Books worth leaving the beach for
One look at these latest cookbooks and you might rather spend a day at the stove than the shore.
OK, time out. Lighten up. Time to put down a certain New York senator's tell-a-bit book and reach for something you can really sink your teeth into.Skip to next paragraph
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There's a fresh crop of cookbooks out there, some of which are downright droolable. Others offer a seasonal flair that will nudge you off your beach blanket and beckon you back to the kitchen.
Here are just a few that whet our appetite:
The poor Blanchards. They have to divide their time between the cool, verdant Vermont mountains and the palm-shaded beaches of Anguilla. But wait: Before you rush off a CARE package of Ramen noodles to the Caribbean, they do appear to be eating well.
In Melinda and Robert Blanchard's At Blanchard's Table, A Trip to the Beach Cookbook (Clarkson Potter, $32.50), the peripatetic pair, with the help of their local island staff, set the table for us at their Anguilla restaurant.
Melinda, a self-taught cook, sets out delicious dishes with simplicity and deftness. Poultry recipes are among the most appealing. Calypso Chicken With Lime and Coconut Curried Chicken meld the best of island flavors, while Pan-Roasted Chicken With Lemon, Olives, and Rosemary sets a more Mediterranean tone. Just save room for their White Chocolate and Apricot Bread Pudding With Apricot Sauce made with fresh, flaky croissants.
The Blanchards give an occasional nod to their New England roots with Vermont Cheddar Soup and Cinnamon Maple Wonton Crisps.
Ben Fink enriches the venue with sun-drenched photographs as bright as a ripe yellow papaya.
Feeling the heat? Let's sail north to Norway.
In Kitchen of Light (Artisan, $35), chef Andreas Viestad breaks the ice on an often overlooked cuisine. My Swedish parents would have devoured his book.
Here are all the ingredients that graced our family smorgasbord each Christmas Eve - but in reincarnations no one would recognize.
Fish, of course, takes center stage. But where we had poached halibut or salmon mousse, Mr. Viestad serves up Vanilla-Scented Halibut With Asparagus and Hollandaise and Honey- Mustard-Marinated Salmon With Rosemary Apples.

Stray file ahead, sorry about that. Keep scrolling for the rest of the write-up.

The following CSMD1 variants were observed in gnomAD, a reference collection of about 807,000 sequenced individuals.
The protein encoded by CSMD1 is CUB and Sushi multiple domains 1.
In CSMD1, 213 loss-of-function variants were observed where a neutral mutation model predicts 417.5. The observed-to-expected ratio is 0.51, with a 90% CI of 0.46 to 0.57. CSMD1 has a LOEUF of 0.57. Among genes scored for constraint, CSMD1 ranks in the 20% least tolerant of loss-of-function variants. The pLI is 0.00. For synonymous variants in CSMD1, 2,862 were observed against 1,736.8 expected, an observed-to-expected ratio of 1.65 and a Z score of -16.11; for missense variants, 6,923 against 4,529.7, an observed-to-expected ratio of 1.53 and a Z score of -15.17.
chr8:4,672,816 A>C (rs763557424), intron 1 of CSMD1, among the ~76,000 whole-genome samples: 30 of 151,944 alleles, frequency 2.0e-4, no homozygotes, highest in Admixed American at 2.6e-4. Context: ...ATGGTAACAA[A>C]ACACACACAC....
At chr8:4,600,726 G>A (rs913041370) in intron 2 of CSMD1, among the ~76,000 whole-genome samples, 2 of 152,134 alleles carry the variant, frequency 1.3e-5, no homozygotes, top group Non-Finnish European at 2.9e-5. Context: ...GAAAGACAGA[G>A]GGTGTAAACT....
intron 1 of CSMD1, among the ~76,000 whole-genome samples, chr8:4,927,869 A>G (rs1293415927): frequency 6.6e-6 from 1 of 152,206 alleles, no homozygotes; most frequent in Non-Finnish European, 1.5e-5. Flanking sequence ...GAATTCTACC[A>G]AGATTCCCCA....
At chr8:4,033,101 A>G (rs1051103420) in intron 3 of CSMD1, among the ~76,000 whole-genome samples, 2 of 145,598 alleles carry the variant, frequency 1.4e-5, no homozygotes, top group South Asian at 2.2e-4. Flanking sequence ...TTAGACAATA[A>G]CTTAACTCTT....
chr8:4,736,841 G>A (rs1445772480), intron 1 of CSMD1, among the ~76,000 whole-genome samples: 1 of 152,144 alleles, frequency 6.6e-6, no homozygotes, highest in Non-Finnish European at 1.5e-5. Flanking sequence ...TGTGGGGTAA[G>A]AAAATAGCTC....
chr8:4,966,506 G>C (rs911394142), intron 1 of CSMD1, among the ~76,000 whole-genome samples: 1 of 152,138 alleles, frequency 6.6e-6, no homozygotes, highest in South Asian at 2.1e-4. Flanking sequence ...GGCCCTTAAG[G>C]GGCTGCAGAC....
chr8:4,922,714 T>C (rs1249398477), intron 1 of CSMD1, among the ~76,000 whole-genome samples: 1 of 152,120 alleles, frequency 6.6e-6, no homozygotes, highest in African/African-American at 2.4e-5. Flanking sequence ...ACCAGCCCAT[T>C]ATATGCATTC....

Where we supped on a simple roast pork stuffed with prunes and pears, Viestad offers Prune-Stuffed Meatballs With Beet Salad and Pears With Ginger, Juniper Berries, and Caraway Cream.
If food is the soul of "Light," Viestad's family reminiscences and occasional nuggets of history - along with Mette Randem's exquisite photographs - illuminate the life and warmth of this hauntingly beautiful land and exquisite cuisine.
This book accompanies the public-television series "New Scandinavian Cooking With Andreas Viestad."
I remember those warm summer evenings when we'd line up outside Legal Sea Foods' first restaurant in Inman Square in Cambridge, Mass. Because the wait could be long, my date would get in line while I grabbed a paper plate stacked with shucked oysters from the restaurant's adjoining fish market. The wait was almost as memorable as dinner.
About three decades later, Legal Sea Foods has expanded (as have I). And now, with 26 restaurants scattered throughout seven East Coast states, comes another classic cookbook from Legal's kitchens.
In The New Legal Sea Foods Cookbook, (Broadway Books, $26), Roger Berkowitz, president and CEO of the restaurant chain, and cookbook writer Jane Doerfer have netted 200 recipes, many that have made the Boston-based eatery an American institution.
Along with such classics as Clam Chowder - a staple at the past six presidential inauguration dinners - Coquilles Saint-Jacques, and Bluefish Paté, they tempt us with such cross-cultural dishes as Shrimp and Avocado Quesadilla and Crabmeat and Artichoke Hushpuppies.
The most commonly available fin and shellfish are described and detailed.
Even the mythical scrod is demystified. (Scrod is simply a name given to young cod or haddock.)
Accompanying most of the recipes are workable substitutions - when, for instance, swordfish can be replaced by halibut when the former isn't available.
Edward Koren's whimsical, squiggly cartoons are a perfect foil in this otherwise serious book.
In From the Cook's Garden (Morrow, $29.95), Ellen Ecker Ogden brings us down-to-earth in the land of bountiful. She and her husband, Shepherd, own America's premier organic-seed catalog, The Cook's Garden, in Londonderry, Vt. In their 10-acre farm and test gardens in Burlington, Vt., they grow pink eggplants, purple potatoes, green zebra tomatoes, a host of heirloom vegetables, and whatever organic vegetables, fruits, and flowers they can find.
Color woodcut illustrations by Mary Azarian bring a perfect down-on-the-farm warmth to the pages of this indispensable book for the home cook and gardener.
When I was growing up, there was always a choice of desserts at home: canned pears or canned peaches. I should have lived next door to David Lebovitz.